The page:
Country has hundreds of possible shipwreck dive sites
Sri Lanka Tourism is urging the country’s government to invest in the promotion of shipwreck exploration alongside other attractions in the country.
A proposal has been submitted to the government, Sri Lanka Tourism chairman Udaya Nanayakkara confirms.
To move the plan forward, veteran diver Thilak Weerasinghe, chairman of Lanka Sportreizen, has been appointed by the country’s prime minister as a Tourism Task Force member.
He is focusing on setting up guidelines and training facilities and creating more dive schools and facilities for both water and land-based sports.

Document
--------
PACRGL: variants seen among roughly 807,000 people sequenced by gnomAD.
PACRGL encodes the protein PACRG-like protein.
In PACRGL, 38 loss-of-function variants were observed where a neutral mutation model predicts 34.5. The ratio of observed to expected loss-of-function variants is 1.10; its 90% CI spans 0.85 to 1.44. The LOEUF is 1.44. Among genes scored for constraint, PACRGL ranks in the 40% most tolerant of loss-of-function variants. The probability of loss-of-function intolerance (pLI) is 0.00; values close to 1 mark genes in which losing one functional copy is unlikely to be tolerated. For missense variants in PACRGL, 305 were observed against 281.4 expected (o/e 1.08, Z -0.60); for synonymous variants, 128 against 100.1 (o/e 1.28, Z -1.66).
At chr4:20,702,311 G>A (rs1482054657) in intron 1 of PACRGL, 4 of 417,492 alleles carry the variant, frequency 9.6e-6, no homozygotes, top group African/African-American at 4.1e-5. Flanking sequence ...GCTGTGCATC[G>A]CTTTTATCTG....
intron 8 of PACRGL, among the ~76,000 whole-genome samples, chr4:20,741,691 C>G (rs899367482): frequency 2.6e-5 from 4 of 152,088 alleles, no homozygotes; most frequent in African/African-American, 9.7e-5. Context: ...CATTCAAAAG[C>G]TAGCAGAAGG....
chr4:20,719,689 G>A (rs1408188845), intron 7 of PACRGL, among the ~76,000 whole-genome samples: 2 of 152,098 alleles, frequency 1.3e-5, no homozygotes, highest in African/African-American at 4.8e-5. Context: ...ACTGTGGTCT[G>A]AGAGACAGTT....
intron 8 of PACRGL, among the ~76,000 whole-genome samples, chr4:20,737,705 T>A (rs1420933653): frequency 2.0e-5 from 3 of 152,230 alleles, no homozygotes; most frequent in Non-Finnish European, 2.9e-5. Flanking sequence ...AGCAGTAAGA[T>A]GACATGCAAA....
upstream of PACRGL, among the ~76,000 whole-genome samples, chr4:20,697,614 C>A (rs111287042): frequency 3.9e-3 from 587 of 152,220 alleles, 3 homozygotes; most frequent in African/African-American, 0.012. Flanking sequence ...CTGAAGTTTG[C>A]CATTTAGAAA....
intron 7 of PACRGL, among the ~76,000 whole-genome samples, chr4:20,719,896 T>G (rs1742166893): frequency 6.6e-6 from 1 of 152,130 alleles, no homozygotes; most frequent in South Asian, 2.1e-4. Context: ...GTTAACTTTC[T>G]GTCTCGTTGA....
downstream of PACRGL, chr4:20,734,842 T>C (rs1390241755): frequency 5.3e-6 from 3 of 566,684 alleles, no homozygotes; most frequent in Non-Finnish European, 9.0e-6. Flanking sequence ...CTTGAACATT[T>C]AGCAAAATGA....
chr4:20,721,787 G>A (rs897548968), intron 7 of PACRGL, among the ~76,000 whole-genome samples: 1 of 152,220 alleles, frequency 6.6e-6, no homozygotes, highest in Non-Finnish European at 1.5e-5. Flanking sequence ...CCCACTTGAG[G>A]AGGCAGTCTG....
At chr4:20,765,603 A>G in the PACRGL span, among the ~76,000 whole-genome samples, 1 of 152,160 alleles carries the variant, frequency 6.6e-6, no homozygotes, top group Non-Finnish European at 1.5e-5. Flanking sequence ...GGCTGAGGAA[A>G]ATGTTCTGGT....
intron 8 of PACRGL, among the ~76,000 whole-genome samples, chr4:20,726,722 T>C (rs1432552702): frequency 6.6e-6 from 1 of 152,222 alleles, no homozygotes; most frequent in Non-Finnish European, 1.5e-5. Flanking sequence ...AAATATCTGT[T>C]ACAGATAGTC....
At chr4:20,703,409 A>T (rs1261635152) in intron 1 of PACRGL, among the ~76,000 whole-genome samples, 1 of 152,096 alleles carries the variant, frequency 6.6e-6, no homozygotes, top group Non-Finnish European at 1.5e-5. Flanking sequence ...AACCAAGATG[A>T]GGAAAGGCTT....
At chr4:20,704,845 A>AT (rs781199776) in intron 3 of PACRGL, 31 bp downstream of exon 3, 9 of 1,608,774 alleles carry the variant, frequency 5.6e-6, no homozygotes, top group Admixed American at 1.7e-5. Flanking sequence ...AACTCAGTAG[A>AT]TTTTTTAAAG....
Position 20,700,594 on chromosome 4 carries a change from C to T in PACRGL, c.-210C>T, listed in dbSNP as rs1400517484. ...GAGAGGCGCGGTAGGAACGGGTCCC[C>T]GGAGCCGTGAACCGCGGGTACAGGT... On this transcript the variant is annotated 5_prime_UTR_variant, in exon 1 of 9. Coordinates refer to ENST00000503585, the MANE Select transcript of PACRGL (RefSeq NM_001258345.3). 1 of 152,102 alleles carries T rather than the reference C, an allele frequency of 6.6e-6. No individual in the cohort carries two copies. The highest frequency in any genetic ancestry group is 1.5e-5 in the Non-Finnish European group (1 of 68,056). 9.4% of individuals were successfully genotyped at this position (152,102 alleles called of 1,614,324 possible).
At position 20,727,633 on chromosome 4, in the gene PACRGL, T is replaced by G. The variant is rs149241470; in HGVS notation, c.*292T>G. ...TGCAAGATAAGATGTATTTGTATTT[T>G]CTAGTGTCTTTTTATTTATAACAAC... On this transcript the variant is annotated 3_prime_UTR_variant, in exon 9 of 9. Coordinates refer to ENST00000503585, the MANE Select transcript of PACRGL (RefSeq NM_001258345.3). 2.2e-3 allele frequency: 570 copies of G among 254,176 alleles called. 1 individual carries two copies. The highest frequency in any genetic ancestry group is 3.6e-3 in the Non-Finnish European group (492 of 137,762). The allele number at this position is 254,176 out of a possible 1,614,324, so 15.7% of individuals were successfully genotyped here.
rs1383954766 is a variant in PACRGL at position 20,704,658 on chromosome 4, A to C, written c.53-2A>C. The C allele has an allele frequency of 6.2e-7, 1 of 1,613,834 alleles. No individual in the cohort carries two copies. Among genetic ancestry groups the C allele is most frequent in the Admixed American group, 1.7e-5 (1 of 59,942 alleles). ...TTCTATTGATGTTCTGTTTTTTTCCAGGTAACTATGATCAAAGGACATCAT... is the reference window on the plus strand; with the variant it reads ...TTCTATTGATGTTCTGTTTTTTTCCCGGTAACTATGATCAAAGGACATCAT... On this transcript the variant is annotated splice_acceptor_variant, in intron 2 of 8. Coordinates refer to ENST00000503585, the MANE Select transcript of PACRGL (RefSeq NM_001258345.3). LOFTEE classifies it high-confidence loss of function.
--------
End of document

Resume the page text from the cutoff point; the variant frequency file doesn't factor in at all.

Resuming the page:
His company handles 6,000 dives per year, of which 500 are made by tourists exploring shipwrecks. “Many of them are holiday divers who come on a seven- to ten-day stay, go around the countryside and end with a diving experience,” he tells TTG Asia.
Ruled at various times by the Portuguese, Dutch and the British, and also attacked by the Japanese during World War II, Sri Lanka’s waters are full of shipwrecks. More than 200 battleships lay submerged off its coast.
One attraction is the SS British Sergeant, a British oil tanker sunk by Japanese planes in April 1942, which can be viewed at a depth of 13m to 25m off the eastern coast. For more experienced divers, the HMS Hermes, a British aircraft carrier sunk by the Japanese, is a site at a depth of 40m to 53m.